The Last Mile Teaches Coding and Entrepreneurship to Prisoners
Coding Behind Bars
The Last Mile aims to give inmates a fighting chance at a job after they’re released by teaching students entrepreneurial, business, and web development skills.
“There’s just a revolving door at the front of the prison gate, and for me, that made absolutely no sense,” said The Last Mile co-founder Beverly Parenti, when describing systemic recidivism. “We believe that having a job is the key to successful reentry and breaking the cycle of incarceration.”
By some accounts, 76% of prisoners are rearrested within five years of their release.
In 2010, Parenti, cofounded The Last Mile with her husband, Chris Redlitz. The Last Mile was inspired by the inmates Redlitz met at California’s San Quentin State Prison while he was there to give a speech on business and entrepreneurship. “The questions they asked were so intelligent and so targeted,” Parenti recalled her husband saying. “And some had business plans they wanted to hand to him.”
Redlitz and Parenti had been part of the Silicon Valley startup scene for years and they had previously founded the business accelerator, Kicklabs. When they launched The Last Mile in 2010, they devised a program to mirror the incubators and accelerators found on the outside–including lessons on how to pitch your business, find revenue streams, write a business plan, and develop a marketing strategy. Inmates present their business plans to an audience of business leaders and fellow inmates on demo days.
Parenti and Redlitz have invited CEOs and founders to come in as guest lectures and visitors, including a visit from Mark Zuckerberg last year.
Duncan Logan, founder and CEO of tech coworking accelerator RocketSpace was another visitor. After watching inmate Chrisfino Kenyatta Leal’s demonstration, Logan offered him a job should he ever find himself on the outside. Thanks, in part, to a change in California’s three-strikes law, Leal is now the manager of campus services at RocketSpace and has hired another former inmate as well. (Leal wrote about his life in and out of prison in a Huffington Post essay.)
“When someone is released from prison, the likelihood of them starting a tech company at day one is highly unlikely,” said Parenti. “So we help them get placed in internships in companies in the tech community so that they would understand how to assimilate and create a culture and also how business works.”
“It’s taking the idea from the entrepreneur program and going one level further,” said Parenti.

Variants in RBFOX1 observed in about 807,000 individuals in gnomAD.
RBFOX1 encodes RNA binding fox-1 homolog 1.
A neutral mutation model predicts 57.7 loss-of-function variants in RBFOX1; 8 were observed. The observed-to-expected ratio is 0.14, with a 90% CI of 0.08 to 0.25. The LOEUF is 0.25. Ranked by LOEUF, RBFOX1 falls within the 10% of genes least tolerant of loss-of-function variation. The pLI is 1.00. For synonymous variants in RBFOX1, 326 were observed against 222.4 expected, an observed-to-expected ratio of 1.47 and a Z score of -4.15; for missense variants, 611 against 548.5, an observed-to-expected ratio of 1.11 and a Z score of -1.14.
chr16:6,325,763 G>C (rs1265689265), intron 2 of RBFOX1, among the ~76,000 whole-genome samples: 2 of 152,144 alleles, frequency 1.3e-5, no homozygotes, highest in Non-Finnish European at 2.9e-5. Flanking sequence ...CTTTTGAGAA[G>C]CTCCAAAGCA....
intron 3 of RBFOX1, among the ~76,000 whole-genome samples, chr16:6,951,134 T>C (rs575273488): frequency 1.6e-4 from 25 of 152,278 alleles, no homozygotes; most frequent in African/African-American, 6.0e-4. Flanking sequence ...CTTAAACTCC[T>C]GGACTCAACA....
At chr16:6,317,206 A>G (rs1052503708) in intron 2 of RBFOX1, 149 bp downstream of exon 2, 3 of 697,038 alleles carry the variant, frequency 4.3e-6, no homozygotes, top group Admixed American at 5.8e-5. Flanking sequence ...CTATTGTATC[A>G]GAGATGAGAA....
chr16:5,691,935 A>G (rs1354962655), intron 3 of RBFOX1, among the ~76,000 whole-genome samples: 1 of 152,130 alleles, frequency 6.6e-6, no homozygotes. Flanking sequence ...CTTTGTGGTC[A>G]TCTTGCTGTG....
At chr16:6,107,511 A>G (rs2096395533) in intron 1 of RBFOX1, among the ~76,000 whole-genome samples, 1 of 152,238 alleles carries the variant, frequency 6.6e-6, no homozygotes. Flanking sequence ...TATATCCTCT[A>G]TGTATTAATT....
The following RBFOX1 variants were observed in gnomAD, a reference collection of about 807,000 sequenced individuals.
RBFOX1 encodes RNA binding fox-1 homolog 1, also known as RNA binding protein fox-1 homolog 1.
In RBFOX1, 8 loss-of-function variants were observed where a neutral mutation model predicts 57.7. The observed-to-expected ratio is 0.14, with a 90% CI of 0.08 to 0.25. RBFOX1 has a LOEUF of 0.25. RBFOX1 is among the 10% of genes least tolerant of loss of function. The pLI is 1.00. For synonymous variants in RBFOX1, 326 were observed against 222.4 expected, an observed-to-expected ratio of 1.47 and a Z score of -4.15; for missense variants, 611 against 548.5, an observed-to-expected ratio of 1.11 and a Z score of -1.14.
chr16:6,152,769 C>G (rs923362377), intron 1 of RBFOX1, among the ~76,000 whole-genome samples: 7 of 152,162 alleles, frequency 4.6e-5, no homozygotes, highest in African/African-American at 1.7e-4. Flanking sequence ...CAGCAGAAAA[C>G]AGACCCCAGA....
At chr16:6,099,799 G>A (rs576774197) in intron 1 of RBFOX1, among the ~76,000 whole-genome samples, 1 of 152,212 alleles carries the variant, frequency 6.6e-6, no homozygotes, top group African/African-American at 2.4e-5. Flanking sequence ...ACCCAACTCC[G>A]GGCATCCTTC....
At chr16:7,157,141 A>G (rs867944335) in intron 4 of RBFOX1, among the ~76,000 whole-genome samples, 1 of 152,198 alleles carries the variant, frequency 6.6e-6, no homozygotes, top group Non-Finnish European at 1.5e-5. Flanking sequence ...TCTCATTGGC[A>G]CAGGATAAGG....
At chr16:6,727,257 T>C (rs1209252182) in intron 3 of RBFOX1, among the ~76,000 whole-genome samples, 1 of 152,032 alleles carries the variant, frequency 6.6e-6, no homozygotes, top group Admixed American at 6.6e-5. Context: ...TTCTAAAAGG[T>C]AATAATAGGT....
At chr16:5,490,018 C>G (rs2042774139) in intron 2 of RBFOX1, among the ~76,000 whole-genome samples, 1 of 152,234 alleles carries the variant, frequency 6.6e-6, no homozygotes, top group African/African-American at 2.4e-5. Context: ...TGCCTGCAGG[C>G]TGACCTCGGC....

Of course, prisoners don’t have internet access, so coding is a bit different than at other coding academies. The Last Mile has created a simulated environment by caching all the resources needed in order to teach coding skills. Prisoners have text editors and rendering programs, so they’re able to see if their code is accurate or not, Parenti explained.
Lack of internet access isn’t the only way The Last Mile’s coding academy is different.
“There are people in the program who have never seen the net,” Parenti said. “They’ve been incarcerated that long that they’ve never had an online experience.”
Later this month, The Last Mile is expanding again. The program is launching at three other California prisons including Folsom Women’s Facility in Folsom Prison.
“Starting the women’s facility for me is a personal goal that I’ve been working toward since we began,” said Parenti. “I’m so excited about giving the women equal opportunity in technology.”
September also marks the launch of The Last Mile Works. Graduates of The Last Mile coding program in San Quentin will be eligible to work on web development services for clients on the outside that hire through the program. Inmates will earn wages and be able to save money while they’re learning skills and building a portfolio of their work.
The Last Mile’s mission has always been to give inmates relevant skills with the hope that landing a job on the outside will help them stay out of prison for good. But Parenti found that inmates were helped too just by the act of going to these classes and learning new skills.
“When they’re in the classroom they forget that they are incarcerated,” said Parenti. “It gives life some meaning in the darkest of places.”
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